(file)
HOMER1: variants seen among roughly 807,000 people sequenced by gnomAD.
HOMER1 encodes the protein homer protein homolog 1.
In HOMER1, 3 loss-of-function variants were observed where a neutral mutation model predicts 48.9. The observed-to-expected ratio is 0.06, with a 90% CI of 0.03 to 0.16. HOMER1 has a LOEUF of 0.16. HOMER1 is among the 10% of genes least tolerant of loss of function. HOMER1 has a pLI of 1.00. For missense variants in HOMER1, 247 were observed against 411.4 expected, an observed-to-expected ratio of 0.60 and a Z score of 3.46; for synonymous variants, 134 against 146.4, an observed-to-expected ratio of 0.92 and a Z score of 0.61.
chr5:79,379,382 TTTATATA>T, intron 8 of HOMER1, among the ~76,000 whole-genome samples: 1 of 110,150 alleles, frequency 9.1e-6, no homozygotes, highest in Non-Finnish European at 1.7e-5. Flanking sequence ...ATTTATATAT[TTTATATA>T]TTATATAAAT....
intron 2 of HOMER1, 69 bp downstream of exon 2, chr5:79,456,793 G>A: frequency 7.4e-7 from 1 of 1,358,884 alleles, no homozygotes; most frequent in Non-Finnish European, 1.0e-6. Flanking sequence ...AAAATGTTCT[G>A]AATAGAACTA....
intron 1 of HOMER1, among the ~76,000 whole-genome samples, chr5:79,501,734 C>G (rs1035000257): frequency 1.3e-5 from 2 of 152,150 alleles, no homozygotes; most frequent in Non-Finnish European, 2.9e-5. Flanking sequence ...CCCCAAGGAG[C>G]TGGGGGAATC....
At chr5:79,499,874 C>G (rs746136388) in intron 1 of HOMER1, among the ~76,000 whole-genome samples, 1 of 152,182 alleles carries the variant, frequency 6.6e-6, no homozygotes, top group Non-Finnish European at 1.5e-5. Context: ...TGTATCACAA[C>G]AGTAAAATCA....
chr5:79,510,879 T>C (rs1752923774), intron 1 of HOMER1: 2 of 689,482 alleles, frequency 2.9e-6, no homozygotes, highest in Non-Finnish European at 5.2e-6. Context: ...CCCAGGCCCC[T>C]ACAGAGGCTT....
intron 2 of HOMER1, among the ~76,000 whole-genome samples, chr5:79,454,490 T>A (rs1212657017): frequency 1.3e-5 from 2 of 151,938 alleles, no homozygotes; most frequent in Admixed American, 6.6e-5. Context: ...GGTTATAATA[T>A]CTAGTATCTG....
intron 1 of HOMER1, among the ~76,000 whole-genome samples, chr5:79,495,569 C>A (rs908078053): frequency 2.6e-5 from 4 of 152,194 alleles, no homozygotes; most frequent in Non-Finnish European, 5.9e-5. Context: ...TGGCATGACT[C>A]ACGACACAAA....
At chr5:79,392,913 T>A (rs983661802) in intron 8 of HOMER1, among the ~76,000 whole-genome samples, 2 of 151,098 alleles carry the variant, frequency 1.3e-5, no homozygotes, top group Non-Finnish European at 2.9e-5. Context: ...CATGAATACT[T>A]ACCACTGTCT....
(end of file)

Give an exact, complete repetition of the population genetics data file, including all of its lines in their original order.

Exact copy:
HOMER1: variants seen among roughly 807,000 people sequenced by gnomAD.
HOMER1 encodes the protein homer protein homolog 1.
In HOMER1, 3 loss-of-function variants were observed where a neutral mutation model predicts 48.9. The observed-to-expected ratio is 0.06, with a 90% CI of 0.03 to 0.16. HOMER1 has a LOEUF of 0.16. HOMER1 is among the 10% of genes least tolerant of loss of function. HOMER1 has a pLI of 1.00. For missense variants in HOMER1, 247 were observed against 411.4 expected, an observed-to-expected ratio of 0.60 and a Z score of 3.46; for synonymous variants, 134 against 146.4, an observed-to-expected ratio of 0.92 and a Z score of 0.61.
chr5:79,379,382 TTTATATA>T, intron 8 of HOMER1, among the ~76,000 whole-genome samples: 1 of 110,150 alleles, frequency 9.1e-6, no homozygotes, highest in Non-Finnish European at 1.7e-5. Flanking sequence ...ATTTATATAT[TTTATATA>T]TTATATAAAT....
intron 2 of HOMER1, 69 bp downstream of exon 2, chr5:79,456,793 G>A: frequency 7.4e-7 from 1 of 1,358,884 alleles, no homozygotes; most frequent in Non-Finnish European, 1.0e-6. Flanking sequence ...AAAATGTTCT[G>A]AATAGAACTA....
intron 1 of HOMER1, among the ~76,000 whole-genome samples, chr5:79,501,734 C>G (rs1035000257): frequency 1.3e-5 from 2 of 152,150 alleles, no homozygotes; most frequent in Non-Finnish European, 2.9e-5. Flanking sequence ...CCCCAAGGAG[C>G]TGGGGGAATC....
At chr5:79,499,874 C>G (rs746136388) in intron 1 of HOMER1, among the ~76,000 whole-genome samples, 1 of 152,182 alleles carries the variant, frequency 6.6e-6, no homozygotes, top group Non-Finnish European at 1.5e-5. Context: ...TGTATCACAA[C>G]AGTAAAATCA....
chr5:79,510,879 T>C (rs1752923774), intron 1 of HOMER1: 2 of 689,482 alleles, frequency 2.9e-6, no homozygotes, highest in Non-Finnish European at 5.2e-6. Context: ...CCCAGGCCCC[T>C]ACAGAGGCTT....
intron 2 of HOMER1, among the ~76,000 whole-genome samples, chr5:79,454,490 T>A (rs1212657017): frequency 1.3e-5 from 2 of 151,938 alleles, no homozygotes; most frequent in Admixed American, 6.6e-5. Context: ...GGTTATAATA[T>A]CTAGTATCTG....
intron 1 of HOMER1, among the ~76,000 whole-genome samples, chr5:79,495,569 C>A (rs908078053): frequency 2.6e-5 from 4 of 152,194 alleles, no homozygotes; most frequent in Non-Finnish European, 5.9e-5. Context: ...TGGCATGACT[C>A]ACGACACAAA....
At chr5:79,392,913 T>A (rs983661802) in intron 8 of HOMER1, among the ~76,000 whole-genome samples, 2 of 151,098 alleles carry the variant, frequency 1.3e-5, no homozygotes, top group Non-Finnish European at 2.9e-5. Context: ...CATGAATACT[T>A]ACCACTGTCT....